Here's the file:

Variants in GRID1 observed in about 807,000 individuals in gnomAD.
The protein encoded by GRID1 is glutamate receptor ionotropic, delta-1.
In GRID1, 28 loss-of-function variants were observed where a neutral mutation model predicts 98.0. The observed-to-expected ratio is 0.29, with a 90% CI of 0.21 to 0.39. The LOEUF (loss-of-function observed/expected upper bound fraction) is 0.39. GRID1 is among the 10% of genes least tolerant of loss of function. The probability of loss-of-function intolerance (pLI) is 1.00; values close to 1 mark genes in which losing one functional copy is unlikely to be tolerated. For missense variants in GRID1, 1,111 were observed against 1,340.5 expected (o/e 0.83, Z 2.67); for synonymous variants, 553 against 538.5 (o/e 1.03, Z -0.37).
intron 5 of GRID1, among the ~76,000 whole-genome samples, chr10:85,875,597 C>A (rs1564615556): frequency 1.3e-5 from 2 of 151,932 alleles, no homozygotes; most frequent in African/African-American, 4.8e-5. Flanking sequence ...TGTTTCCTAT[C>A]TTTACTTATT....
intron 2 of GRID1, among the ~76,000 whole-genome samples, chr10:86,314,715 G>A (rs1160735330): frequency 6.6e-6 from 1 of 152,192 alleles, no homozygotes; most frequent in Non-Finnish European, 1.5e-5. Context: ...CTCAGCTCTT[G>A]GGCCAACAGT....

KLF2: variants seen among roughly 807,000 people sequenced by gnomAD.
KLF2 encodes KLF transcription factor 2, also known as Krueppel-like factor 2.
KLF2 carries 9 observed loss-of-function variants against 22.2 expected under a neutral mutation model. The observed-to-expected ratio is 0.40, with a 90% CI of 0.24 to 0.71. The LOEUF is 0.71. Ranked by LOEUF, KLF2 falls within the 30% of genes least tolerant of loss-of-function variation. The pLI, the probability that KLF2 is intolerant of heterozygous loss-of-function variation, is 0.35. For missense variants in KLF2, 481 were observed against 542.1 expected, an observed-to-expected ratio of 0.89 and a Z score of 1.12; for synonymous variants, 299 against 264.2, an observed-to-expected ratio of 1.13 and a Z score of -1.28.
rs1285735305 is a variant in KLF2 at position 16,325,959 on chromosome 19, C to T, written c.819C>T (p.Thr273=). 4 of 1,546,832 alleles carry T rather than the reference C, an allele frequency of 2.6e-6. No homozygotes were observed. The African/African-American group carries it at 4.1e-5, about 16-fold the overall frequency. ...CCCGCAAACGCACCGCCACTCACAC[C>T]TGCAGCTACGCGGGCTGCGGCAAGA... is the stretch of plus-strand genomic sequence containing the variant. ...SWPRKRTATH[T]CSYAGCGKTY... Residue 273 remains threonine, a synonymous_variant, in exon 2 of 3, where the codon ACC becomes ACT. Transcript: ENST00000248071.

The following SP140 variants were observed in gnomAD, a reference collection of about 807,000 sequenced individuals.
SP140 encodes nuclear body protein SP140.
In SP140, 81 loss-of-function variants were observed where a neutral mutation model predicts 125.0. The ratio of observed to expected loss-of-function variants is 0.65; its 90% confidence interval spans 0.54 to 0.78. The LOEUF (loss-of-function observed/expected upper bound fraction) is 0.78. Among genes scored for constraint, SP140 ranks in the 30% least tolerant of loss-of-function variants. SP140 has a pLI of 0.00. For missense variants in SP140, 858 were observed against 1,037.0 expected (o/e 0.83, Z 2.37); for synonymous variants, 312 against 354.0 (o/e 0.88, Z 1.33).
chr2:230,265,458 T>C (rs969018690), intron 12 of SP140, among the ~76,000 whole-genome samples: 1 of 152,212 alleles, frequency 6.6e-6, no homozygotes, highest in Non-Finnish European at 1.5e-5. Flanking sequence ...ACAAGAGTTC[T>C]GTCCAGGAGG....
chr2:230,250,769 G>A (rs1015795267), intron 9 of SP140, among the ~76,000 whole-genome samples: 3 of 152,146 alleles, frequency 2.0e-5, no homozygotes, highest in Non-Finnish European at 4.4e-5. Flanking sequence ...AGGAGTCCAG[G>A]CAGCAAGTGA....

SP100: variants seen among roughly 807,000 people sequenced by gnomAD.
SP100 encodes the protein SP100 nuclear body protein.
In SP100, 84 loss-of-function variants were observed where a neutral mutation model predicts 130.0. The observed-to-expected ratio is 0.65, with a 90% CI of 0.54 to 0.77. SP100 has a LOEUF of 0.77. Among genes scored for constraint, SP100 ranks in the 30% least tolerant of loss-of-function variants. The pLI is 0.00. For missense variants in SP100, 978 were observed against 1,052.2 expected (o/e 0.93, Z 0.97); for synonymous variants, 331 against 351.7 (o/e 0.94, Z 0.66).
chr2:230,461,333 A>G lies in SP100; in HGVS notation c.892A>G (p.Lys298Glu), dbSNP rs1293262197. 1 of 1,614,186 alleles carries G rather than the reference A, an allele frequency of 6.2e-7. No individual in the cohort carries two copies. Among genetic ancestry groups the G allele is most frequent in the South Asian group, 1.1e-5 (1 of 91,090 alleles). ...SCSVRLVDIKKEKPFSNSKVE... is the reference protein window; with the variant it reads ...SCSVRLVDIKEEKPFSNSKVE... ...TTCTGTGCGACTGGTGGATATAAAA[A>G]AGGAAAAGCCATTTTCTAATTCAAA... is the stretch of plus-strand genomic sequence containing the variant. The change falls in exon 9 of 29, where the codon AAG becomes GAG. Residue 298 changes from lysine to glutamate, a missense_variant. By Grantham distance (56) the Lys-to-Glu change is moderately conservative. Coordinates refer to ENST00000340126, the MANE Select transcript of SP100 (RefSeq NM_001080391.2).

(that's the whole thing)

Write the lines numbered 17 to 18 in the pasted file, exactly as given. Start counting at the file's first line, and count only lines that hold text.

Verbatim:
In SP100, 84 loss-of-function variants were observed where a neutral mutation model predicts 130.0. The observed-to-expected ratio is 0.65, with a 90% CI of 0.54 to 0.77. SP100 has a LOEUF of 0.77. Among genes scored for constraint, SP100 ranks in the 30% least tolerant of loss-of-function variants. The pLI is 0.00. For missense variants in SP100, 978 were observed against 1,052.2 expected (o/e 0.93, Z 0.97); for synonymous variants, 331 against 351.7 (o/e 0.94, Z 0.66).
chr2:230,461,333 A>G lies in SP100; in HGVS notation c.892A>G (p.Lys298Glu), dbSNP rs1293262197. 1 of 1,614,186 alleles carries G rather than the reference A, an allele frequency of 6.2e-7. No individual in the cohort carries two copies. Among genetic ancestry groups the G allele is most frequent in the South Asian group, 1.1e-5 (1 of 91,090 alleles). ...SCSVRLVDIKKEKPFSNSKVE... is the reference protein window; with the variant it reads ...SCSVRLVDIKEEKPFSNSKVE... ...TTCTGTGCGACTGGTGGATATAAAA[A>G]AGGAAAAGCCATTTTCTAATTCAAA... is the stretch of plus-strand genomic sequence containing the variant. The change falls in exon 9 of 29, where the codon AAG becomes GAG. Residue 298 changes from lysine to glutamate, a missense_variant. By Grantham distance (56) the Lys-to-Glu change is moderately conservative. Coordinates refer to ENST00000340126, the MANE Select transcript of SP100 (RefSeq NM_001080391.2).